Creating Community Through K-12 School Social Media


Central Kitsap School District, WA

Schools Embrace Social Media to Create Culture and Community

Until the beginning of 2015, Central Kitsap School District (CKSD) — an 11,000-student district in the state of Washington — employed virtually no social media in its efforts to reach parents and staff, not to mention reap its benefits for new styles of learning.

To communicate, staff relied on emails (which many parents don’t often check), newsletters (mainly in elementary grades), and notes home to parents (which rarely made it to their destination). Despite all of these methods of outreach, parents frequently complained they didn’t know what was going on at school and were disconnected from their child’s education.

In 2014, the administration made a commitment to embrace social media, engage parents, and create a sense of community. By early 2015, CKSD adopted a social media policy with the expertise of new hire Angela Dice, the district’s web and social media content developer. With the gradual adoption of Facebook, Twitter, and redesigned websites, school success stories are now reaching more people than ever with two-way conversations emerging between schools and parents.

Social media allows administrators and teachers to give parents updates, news, and information. They are able to share photos highlighting school events, club activities, sports, and more — a practice that’s popular with parents. Not only are parents briefed in real time, they also get fuel to spark daily dialogue with their kids about what’s going on in their lives. Social media is also playing a part in promoting — and incentivizing — learning. One Kitsap middle school recently launched a hashtag to celebrate reading anywhere, anytime. The initiative, #fairviewreads, stirs excitement as teachers, parents, and students continually post photos of readers in action.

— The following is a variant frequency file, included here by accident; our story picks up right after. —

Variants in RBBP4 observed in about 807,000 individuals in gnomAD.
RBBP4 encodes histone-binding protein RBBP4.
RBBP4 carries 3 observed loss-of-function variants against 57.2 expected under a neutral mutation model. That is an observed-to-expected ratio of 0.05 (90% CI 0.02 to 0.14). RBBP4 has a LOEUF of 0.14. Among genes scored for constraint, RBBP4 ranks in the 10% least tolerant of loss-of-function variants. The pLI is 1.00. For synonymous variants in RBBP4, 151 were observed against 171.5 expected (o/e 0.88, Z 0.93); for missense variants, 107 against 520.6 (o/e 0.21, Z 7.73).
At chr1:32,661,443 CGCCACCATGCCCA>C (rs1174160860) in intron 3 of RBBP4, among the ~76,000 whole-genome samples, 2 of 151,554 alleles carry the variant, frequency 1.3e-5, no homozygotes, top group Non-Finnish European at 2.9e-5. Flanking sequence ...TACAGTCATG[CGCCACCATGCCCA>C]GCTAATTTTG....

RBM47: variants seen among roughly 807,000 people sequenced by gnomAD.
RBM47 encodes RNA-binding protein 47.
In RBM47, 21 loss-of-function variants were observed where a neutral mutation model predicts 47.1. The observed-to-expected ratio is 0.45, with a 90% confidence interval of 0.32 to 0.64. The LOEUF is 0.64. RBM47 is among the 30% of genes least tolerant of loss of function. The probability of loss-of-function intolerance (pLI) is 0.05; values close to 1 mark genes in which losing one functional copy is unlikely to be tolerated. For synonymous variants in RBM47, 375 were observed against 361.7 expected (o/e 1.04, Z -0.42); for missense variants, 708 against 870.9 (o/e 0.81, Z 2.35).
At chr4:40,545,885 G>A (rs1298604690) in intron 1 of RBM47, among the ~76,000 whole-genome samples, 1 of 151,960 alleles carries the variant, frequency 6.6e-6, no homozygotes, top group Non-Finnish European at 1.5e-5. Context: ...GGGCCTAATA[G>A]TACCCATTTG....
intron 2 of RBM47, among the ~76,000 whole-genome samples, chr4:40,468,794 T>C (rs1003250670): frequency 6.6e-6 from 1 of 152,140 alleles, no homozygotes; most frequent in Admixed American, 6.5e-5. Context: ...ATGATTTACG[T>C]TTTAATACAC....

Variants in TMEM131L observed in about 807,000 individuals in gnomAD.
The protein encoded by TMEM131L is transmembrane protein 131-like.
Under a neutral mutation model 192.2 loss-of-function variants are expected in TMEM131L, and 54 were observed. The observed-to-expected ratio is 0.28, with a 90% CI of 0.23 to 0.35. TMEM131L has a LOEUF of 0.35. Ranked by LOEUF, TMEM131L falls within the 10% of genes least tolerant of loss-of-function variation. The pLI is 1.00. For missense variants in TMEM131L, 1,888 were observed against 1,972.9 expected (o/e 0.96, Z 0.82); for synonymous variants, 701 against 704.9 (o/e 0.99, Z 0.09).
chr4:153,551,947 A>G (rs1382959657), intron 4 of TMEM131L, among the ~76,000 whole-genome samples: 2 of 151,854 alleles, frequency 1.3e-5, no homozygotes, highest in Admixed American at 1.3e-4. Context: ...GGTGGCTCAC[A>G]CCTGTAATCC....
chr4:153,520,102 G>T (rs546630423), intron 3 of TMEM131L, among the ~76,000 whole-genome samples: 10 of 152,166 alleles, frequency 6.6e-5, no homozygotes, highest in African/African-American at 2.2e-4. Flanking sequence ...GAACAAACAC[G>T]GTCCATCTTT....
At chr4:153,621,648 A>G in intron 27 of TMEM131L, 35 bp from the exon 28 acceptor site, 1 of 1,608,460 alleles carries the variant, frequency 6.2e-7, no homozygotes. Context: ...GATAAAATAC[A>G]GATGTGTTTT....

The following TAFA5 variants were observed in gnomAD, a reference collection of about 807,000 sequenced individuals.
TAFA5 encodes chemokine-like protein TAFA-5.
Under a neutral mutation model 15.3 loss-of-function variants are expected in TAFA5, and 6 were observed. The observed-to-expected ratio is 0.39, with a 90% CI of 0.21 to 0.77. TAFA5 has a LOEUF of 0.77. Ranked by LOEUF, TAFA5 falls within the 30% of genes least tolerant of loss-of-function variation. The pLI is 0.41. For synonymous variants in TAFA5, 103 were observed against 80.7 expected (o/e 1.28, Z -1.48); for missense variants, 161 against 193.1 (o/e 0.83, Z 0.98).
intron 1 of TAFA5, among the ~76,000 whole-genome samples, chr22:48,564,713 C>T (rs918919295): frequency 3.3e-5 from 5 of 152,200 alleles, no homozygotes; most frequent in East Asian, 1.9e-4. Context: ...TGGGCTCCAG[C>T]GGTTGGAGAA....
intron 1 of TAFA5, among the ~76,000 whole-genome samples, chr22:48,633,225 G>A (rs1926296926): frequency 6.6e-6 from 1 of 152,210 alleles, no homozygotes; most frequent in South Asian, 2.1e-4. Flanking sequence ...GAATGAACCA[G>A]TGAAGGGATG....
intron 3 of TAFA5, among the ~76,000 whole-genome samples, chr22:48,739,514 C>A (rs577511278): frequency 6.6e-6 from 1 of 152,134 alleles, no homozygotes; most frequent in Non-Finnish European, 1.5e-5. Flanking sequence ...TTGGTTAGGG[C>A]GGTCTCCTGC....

Strong Social Media Policy Includes Archiving

All 50 states have public records laws modeled after the federal Freedom of Information Act (FOIA) to ensure public access to data. Some state public records laws encompass social media and many states have issued specific guidance for preserving social media records. The Washington Public Records Act requires that public schools preserve public records regardless of physical form — including digital records created through social media and the metadata behind those records.

ArchiveSocial simplifies the preservation of social media posts for state public records law compliance, which was appealing to CKSD. The company’s cloud-based software continuously archives all posts, tweets, comments, and videos produced and received on the school district’s social media accounts, leaving school administrators with zero worry about adhering to state law.

“As we were writing our social media policy, we knew we needed to meet public requests law,” says Dice. “We researched a variety of organizations offering archiving services to comply with the Washington Public Records Act — ArchiveSocial offered all the features we needed and at an affordable cost. We knew we were going to have many social media accounts and ArchiveSocial’s pricing structure is based on a post limit, not the number of accounts.”

For Dice, taking screenshots of social media posts was never an option since doing so would not capture metadata — a key component of the state public records law. Metadata provides the information behind the post (such as who posted it when and from where) and is crucial to verifying the authenticity and origin of the record. ArchiveSocial captures this information automatically and includes it with the record.

Most importantly, ArchiveSocial helped the district achieve its goal of creating a more engaged school community. “We really want to reach parents where they are most accessible, and we know that social media is the way to do that,” says Dice. “It’s a part of our school district’s continuing efforts to listen and connect with families to build a strong school culture. ArchiveSocial’s platform allows us to do this with minimal effort — so that we have the time to be more effective at keeping our kids interested in learning, wherever they are.”

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